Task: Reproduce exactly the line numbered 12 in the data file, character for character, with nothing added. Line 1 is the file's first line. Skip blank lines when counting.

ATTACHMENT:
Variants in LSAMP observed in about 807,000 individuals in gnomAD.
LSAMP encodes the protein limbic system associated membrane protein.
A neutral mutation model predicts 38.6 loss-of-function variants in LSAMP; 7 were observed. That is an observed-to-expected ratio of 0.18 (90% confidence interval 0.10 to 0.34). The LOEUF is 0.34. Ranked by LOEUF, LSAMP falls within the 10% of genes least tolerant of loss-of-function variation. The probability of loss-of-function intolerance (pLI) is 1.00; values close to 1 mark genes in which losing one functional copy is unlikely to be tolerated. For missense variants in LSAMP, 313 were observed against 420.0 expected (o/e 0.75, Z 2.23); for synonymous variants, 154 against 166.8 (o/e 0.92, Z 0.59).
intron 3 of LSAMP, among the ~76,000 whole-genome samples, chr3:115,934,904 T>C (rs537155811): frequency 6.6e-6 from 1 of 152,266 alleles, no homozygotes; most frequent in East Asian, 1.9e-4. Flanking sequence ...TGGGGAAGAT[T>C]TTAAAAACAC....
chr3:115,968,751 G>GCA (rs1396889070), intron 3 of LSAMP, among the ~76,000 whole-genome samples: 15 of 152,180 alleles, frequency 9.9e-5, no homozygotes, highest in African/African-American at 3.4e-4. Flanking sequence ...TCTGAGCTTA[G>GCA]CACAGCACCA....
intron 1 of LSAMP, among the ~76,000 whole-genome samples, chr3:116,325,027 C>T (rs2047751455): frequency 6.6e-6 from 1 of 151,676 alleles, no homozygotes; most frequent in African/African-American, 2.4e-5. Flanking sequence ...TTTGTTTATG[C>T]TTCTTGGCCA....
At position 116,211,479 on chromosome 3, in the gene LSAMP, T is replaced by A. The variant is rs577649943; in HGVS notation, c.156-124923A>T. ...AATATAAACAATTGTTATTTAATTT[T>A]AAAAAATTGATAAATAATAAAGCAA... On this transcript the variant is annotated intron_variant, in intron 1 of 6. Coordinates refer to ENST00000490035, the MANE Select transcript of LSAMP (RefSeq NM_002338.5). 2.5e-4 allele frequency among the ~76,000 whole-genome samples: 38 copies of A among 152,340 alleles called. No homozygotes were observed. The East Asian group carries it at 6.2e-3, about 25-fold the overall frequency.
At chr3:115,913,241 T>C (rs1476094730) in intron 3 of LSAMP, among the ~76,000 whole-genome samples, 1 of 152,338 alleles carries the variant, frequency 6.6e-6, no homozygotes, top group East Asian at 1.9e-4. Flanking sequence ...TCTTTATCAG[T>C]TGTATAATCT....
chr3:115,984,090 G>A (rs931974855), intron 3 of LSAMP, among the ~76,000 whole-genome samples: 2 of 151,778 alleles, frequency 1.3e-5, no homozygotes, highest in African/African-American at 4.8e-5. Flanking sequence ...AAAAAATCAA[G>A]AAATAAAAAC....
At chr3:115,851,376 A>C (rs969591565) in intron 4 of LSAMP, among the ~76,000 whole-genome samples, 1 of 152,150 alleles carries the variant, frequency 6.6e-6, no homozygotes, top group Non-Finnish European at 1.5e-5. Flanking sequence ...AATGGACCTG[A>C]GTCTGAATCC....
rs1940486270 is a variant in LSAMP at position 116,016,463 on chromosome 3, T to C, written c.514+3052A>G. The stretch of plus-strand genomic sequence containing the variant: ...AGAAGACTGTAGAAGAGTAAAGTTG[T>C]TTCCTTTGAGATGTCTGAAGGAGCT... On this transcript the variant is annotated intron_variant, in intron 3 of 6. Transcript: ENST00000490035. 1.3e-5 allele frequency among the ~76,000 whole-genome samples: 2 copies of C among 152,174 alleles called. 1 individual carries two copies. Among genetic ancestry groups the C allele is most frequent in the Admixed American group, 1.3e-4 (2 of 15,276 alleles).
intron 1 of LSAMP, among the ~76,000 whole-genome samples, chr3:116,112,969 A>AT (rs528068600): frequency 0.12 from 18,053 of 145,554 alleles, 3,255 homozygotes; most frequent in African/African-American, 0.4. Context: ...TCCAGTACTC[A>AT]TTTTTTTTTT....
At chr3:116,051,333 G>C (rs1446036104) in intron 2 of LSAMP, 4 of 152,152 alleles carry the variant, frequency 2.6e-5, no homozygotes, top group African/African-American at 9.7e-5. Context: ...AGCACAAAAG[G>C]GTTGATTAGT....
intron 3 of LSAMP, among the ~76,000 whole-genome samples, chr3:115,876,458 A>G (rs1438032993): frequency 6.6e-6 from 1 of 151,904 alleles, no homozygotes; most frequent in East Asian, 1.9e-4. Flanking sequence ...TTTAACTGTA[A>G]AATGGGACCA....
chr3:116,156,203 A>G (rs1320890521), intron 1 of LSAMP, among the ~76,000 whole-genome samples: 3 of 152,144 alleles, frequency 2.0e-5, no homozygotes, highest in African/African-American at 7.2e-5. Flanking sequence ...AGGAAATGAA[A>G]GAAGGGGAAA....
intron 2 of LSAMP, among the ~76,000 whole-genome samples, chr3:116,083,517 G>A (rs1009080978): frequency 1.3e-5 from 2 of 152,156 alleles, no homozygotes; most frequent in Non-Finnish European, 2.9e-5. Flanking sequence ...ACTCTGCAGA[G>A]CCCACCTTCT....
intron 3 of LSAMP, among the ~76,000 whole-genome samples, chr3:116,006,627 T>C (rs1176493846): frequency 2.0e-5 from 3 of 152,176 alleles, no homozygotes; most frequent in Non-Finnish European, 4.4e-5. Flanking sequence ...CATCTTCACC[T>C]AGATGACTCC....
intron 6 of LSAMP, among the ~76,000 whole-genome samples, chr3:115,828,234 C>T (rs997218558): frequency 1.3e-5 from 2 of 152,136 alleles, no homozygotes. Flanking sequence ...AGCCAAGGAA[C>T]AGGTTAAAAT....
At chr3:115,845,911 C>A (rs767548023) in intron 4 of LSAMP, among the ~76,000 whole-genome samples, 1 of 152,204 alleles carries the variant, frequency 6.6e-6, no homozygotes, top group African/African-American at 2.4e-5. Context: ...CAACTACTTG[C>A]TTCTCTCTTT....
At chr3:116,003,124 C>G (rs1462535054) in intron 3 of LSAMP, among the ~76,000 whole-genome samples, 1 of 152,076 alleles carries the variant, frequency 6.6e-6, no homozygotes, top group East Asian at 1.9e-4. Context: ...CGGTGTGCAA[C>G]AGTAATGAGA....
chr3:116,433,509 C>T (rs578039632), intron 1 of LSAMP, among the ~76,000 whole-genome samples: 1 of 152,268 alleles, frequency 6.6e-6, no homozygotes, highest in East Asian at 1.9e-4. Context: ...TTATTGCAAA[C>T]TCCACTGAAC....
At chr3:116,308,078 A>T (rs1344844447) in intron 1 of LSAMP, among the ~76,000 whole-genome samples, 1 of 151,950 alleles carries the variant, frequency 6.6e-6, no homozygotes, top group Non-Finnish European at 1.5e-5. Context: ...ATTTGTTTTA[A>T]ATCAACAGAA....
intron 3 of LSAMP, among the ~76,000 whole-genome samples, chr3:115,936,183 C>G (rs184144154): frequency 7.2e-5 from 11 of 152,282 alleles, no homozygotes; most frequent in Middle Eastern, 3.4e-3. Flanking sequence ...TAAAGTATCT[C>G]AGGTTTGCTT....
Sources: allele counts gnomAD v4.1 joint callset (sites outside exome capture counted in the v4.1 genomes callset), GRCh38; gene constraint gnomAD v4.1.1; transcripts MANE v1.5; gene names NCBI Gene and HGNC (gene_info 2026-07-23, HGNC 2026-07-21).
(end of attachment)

intron 1 of LSAMP, among the ~76,000 whole-genome samples, chr3:116,112,969 A>AT (rs528068600): frequency 0.12 from 18,053 of 145,554 alleles, 3,255 homozygotes; most frequent in African/African-American, 0.4. Context: ...TCCAGTACTC[A>AT]TTTTTTTTTT....